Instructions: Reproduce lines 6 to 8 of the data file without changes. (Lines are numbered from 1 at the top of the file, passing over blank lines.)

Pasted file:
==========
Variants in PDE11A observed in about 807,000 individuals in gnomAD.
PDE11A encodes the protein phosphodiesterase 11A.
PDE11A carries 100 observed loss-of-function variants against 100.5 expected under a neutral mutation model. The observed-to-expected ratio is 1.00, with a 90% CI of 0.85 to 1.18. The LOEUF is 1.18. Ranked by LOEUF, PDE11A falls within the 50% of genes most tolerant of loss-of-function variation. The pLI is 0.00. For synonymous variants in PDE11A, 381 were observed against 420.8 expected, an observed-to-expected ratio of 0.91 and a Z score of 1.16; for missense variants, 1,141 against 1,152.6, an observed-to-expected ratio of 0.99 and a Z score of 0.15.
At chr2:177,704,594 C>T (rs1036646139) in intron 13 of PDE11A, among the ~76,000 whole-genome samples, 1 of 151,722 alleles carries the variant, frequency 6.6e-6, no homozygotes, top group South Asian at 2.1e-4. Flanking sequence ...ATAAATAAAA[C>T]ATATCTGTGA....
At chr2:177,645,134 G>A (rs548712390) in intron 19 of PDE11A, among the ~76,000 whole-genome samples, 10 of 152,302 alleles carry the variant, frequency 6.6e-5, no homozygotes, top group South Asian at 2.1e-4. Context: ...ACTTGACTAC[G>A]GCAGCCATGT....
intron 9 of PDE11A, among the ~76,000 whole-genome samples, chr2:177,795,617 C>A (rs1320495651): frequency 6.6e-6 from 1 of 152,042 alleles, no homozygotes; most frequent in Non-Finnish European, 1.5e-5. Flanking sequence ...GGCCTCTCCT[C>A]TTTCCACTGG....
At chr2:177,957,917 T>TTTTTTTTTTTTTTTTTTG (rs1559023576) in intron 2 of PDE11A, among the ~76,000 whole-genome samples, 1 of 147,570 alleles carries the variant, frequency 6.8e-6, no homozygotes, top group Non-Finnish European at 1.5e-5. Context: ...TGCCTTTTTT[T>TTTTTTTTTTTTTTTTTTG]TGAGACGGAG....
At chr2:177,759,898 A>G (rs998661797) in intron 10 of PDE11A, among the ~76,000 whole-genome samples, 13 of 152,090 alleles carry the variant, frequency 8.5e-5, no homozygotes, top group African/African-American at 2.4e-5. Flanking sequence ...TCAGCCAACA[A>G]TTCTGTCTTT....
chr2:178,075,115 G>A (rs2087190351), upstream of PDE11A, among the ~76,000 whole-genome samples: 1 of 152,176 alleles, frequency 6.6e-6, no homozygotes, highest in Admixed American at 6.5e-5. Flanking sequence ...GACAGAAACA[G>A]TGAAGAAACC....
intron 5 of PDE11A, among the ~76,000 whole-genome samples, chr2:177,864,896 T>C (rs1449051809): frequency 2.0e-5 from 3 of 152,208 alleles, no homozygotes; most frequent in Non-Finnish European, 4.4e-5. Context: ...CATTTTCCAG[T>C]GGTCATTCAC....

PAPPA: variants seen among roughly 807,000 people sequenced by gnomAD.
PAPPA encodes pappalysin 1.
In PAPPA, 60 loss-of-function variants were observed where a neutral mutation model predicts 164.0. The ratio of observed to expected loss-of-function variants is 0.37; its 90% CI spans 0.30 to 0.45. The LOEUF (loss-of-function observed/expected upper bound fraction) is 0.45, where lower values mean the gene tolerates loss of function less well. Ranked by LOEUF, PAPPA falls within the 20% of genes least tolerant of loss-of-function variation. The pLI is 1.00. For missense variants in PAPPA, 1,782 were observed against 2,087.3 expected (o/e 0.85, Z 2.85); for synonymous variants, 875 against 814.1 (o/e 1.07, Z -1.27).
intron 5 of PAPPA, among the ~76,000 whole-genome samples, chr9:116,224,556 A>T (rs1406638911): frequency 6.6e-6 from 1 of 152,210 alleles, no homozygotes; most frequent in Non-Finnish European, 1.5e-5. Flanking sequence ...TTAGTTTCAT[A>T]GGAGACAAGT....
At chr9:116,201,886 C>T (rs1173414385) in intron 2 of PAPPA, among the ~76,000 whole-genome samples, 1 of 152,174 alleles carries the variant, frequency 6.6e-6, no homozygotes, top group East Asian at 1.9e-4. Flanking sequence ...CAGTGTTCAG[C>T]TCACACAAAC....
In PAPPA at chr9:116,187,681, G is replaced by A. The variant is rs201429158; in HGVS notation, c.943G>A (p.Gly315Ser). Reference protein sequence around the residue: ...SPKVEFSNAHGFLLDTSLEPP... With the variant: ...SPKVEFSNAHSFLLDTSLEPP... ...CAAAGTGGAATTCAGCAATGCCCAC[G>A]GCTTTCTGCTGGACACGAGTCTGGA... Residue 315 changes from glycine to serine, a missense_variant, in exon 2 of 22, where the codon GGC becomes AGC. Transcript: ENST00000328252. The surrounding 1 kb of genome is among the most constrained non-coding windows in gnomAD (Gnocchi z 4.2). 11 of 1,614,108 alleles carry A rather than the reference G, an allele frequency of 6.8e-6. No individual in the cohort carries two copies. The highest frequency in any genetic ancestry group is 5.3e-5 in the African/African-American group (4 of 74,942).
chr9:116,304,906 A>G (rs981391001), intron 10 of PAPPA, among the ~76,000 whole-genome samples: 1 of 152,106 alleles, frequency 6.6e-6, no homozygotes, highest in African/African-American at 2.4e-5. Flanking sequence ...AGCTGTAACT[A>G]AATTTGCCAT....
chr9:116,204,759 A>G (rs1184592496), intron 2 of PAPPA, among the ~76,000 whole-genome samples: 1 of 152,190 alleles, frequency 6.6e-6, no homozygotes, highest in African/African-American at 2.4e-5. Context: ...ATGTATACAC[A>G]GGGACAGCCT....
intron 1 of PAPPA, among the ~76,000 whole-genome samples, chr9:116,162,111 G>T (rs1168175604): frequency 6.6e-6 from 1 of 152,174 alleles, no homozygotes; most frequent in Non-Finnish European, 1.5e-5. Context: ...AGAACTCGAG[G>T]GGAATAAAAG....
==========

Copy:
intron 9 of PDE11A, among the ~76,000 whole-genome samples, chr2:177,795,617 C>A (rs1320495651): frequency 6.6e-6 from 1 of 152,042 alleles, no homozygotes; most frequent in Non-Finnish European, 1.5e-5. Flanking sequence ...GGCCTCTCCT[C>A]TTTCCACTGG....
At chr2:177,957,917 T>TTTTTTTTTTTTTTTTTTG (rs1559023576) in intron 2 of PDE11A, among the ~76,000 whole-genome samples, 1 of 147,570 alleles carries the variant, frequency 6.8e-6, no homozygotes, top group Non-Finnish European at 1.5e-5. Context: ...TGCCTTTTTT[T>TTTTTTTTTTTTTTTTTTG]TGAGACGGAG....
At chr2:177,759,898 A>G (rs998661797) in intron 10 of PDE11A, among the ~76,000 whole-genome samples, 13 of 152,090 alleles carry the variant, frequency 8.5e-5, no homozygotes, top group African/African-American at 2.4e-5. Flanking sequence ...TCAGCCAACA[A>G]TTCTGTCTTT....